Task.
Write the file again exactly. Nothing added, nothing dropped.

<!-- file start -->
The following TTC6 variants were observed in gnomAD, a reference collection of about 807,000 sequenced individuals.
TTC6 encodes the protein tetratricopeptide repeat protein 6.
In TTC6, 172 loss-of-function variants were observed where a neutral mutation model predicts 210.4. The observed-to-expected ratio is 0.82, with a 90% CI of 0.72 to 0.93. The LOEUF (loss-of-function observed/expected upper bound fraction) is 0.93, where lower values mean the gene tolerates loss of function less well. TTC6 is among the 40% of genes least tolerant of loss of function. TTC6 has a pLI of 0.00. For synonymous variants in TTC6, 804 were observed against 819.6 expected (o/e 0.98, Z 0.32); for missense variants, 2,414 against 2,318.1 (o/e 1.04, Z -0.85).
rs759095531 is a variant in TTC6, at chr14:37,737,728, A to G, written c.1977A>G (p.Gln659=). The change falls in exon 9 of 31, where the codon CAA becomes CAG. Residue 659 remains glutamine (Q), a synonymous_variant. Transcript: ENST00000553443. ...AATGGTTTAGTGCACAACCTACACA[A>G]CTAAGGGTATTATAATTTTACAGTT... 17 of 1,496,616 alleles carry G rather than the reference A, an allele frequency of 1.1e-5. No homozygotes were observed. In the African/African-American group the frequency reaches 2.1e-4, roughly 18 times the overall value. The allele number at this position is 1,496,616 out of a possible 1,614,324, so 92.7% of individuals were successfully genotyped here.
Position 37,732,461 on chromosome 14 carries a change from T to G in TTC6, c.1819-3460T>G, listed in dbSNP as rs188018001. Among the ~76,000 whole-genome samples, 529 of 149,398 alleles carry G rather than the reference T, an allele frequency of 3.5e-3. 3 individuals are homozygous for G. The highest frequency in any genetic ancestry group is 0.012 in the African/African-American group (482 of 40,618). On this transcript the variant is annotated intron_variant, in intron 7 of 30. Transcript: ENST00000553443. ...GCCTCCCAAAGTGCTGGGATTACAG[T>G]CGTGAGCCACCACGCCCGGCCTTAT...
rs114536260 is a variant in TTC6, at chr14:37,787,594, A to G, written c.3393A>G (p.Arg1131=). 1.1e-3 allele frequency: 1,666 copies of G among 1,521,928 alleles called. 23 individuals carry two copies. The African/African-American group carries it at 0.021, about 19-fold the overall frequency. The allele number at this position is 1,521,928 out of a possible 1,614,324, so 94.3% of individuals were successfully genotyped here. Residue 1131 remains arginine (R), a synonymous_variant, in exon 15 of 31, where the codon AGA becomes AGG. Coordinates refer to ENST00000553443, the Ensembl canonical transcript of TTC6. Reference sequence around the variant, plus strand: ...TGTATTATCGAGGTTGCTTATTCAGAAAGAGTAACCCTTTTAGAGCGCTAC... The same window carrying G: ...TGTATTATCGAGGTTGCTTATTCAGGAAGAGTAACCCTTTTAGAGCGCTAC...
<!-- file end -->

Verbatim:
The following TTC6 variants were observed in gnomAD, a reference collection of about 807,000 sequenced individuals.
TTC6 encodes the protein tetratricopeptide repeat protein 6.
In TTC6, 172 loss-of-function variants were observed where a neutral mutation model predicts 210.4. The observed-to-expected ratio is 0.82, with a 90% CI of 0.72 to 0.93. The LOEUF (loss-of-function observed/expected upper bound fraction) is 0.93, where lower values mean the gene tolerates loss of function less well. TTC6 is among the 40% of genes least tolerant of loss of function. TTC6 has a pLI of 0.00. For synonymous variants in TTC6, 804 were observed against 819.6 expected (o/e 0.98, Z 0.32); for missense variants, 2,414 against 2,318.1 (o/e 1.04, Z -0.85).
rs759095531 is a variant in TTC6, at chr14:37,737,728, A to G, written c.1977A>G (p.Gln659=). The change falls in exon 9 of 31, where the codon CAA becomes CAG. Residue 659 remains glutamine (Q), a synonymous_variant. Transcript: ENST00000553443. ...AATGGTTTAGTGCACAACCTACACA[A>G]CTAAGGGTATTATAATTTTACAGTT... 17 of 1,496,616 alleles carry G rather than the reference A, an allele frequency of 1.1e-5. No homozygotes were observed. In the African/African-American group the frequency reaches 2.1e-4, roughly 18 times the overall value. The allele number at this position is 1,496,616 out of a possible 1,614,324, so 92.7% of individuals were successfully genotyped here.
Position 37,732,461 on chromosome 14 carries a change from T to G in TTC6, c.1819-3460T>G, listed in dbSNP as rs188018001. Among the ~76,000 whole-genome samples, 529 of 149,398 alleles carry G rather than the reference T, an allele frequency of 3.5e-3. 3 individuals are homozygous for G. The highest frequency in any genetic ancestry group is 0.012 in the African/African-American group (482 of 40,618). On this transcript the variant is annotated intron_variant, in intron 7 of 30. Transcript: ENST00000553443. ...GCCTCCCAAAGTGCTGGGATTACAG[T>G]CGTGAGCCACCACGCCCGGCCTTAT...
rs114536260 is a variant in TTC6, at chr14:37,787,594, A to G, written c.3393A>G (p.Arg1131=). 1.1e-3 allele frequency: 1,666 copies of G among 1,521,928 alleles called. 23 individuals carry two copies. The African/African-American group carries it at 0.021, about 19-fold the overall frequency. The allele number at this position is 1,521,928 out of a possible 1,614,324, so 94.3% of individuals were successfully genotyped here. Residue 1131 remains arginine (R), a synonymous_variant, in exon 15 of 31, where the codon AGA becomes AGG. Coordinates refer to ENST00000553443, the Ensembl canonical transcript of TTC6. Reference sequence around the variant, plus strand: ...TGTATTATCGAGGTTGCTTATTCAGAAAGAGTAACCCTTTTAGAGCGCTAC... The same window carrying G: ...TGTATTATCGAGGTTGCTTATTCAGGAAGAGTAACCCTTTTAGAGCGCTAC...